We weave a lot of herringbone patterned fabric, all using natural fibres, usually New Zealand wool of course!
The herringbone pattern has been around for a long time. It was named for its similarity to the skeleton of a herring fish with its distinctive v-shaped weaving pattern. It's also known as a broken twill weave and you will find it used a lot in woollen tweed fabrics.
Evidently the earliest examples of the herringbone design were found in valuable Ancient Egyptian jewellery, in fabric originating in Ancient Italy and in religious texts. During the times of the Roman Empire roads were paved using the herringbone pattern. It seems that the popularity of the herringbone design disappeared with the Roman Empire but it became popular again during the European Renaissance, especially in religious architecture. Herringbone patterned textiles from earliest times have been found in Viking-age graves in Scandinavian countries and in Irish peat bogs.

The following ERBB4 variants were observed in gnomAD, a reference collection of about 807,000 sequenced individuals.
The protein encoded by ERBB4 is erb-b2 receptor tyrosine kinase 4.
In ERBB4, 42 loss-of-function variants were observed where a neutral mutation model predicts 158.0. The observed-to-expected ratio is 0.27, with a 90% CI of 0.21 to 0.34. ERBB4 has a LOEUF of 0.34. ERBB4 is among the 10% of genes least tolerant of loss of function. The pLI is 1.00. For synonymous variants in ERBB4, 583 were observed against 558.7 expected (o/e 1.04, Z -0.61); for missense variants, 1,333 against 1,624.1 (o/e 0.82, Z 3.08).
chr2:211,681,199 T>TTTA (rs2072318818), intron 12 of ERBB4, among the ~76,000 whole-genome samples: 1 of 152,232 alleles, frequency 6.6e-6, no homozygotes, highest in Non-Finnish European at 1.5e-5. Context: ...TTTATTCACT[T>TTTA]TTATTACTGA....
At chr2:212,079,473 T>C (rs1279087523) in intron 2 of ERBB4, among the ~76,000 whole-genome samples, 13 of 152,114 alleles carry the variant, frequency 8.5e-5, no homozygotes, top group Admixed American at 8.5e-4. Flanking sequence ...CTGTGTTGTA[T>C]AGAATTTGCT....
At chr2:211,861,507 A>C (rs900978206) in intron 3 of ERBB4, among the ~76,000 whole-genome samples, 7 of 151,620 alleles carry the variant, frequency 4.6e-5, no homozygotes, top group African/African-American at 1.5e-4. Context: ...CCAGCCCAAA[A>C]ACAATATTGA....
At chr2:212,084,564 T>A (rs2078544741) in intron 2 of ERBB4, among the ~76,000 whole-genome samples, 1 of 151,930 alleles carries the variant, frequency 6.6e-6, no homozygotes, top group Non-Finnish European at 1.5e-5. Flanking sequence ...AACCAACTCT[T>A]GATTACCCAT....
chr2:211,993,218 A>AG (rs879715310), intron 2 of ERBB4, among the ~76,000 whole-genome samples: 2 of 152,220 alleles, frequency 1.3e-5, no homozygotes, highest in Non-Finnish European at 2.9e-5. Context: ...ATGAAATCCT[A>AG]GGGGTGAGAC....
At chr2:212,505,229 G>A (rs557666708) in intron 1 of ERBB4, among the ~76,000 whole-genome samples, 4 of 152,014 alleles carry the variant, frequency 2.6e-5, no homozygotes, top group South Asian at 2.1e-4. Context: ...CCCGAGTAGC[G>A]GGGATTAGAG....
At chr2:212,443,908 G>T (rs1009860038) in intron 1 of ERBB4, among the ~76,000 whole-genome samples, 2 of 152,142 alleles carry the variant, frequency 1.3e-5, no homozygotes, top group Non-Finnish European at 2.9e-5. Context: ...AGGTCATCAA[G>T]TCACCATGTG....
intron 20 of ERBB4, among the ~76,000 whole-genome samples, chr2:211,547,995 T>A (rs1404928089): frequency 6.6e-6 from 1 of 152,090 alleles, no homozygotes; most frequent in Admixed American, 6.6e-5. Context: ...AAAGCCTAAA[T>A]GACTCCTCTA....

The herringbone pattern is similar to the chevron except a chevron pattern zigzags non-stop across the fabric with each zig-zag having a sharp point, while the herringbone pattern has an offset point at the top and bottom of the zig-zags.
Chevron patterned textiles started appearing more frequently in textiles from the 1500's. The origin is Anglo-French and comes from its resemblance to the pattern of roofing rafters.
Whether you prefer herringbone or chevron is completely up to you. We can weave both easily - it's all in the way the warp is threaded. I'll show you when we are next warping one up!
Here are just a few of the herringbone fabrics we have woven. Each one has it's own character depending on the yarn used, the ends per inch (how many thread ends make up one inch), the colours used, the thickness of the yarn etc. It's easy to create your own style, whether contemporary or traditional with this versatile weaving pattern.
This is our TWEED fabric, a black and white tweed featuring both chevron and herringbone, designed and woven by us with the inspiration coming from an image sent by a friend holidaying in Scotland a few years ago. Sadly I don't still have the image to share with you, but we do have some of the fabric you can buy by the metre. (Coming to the website very soon!!)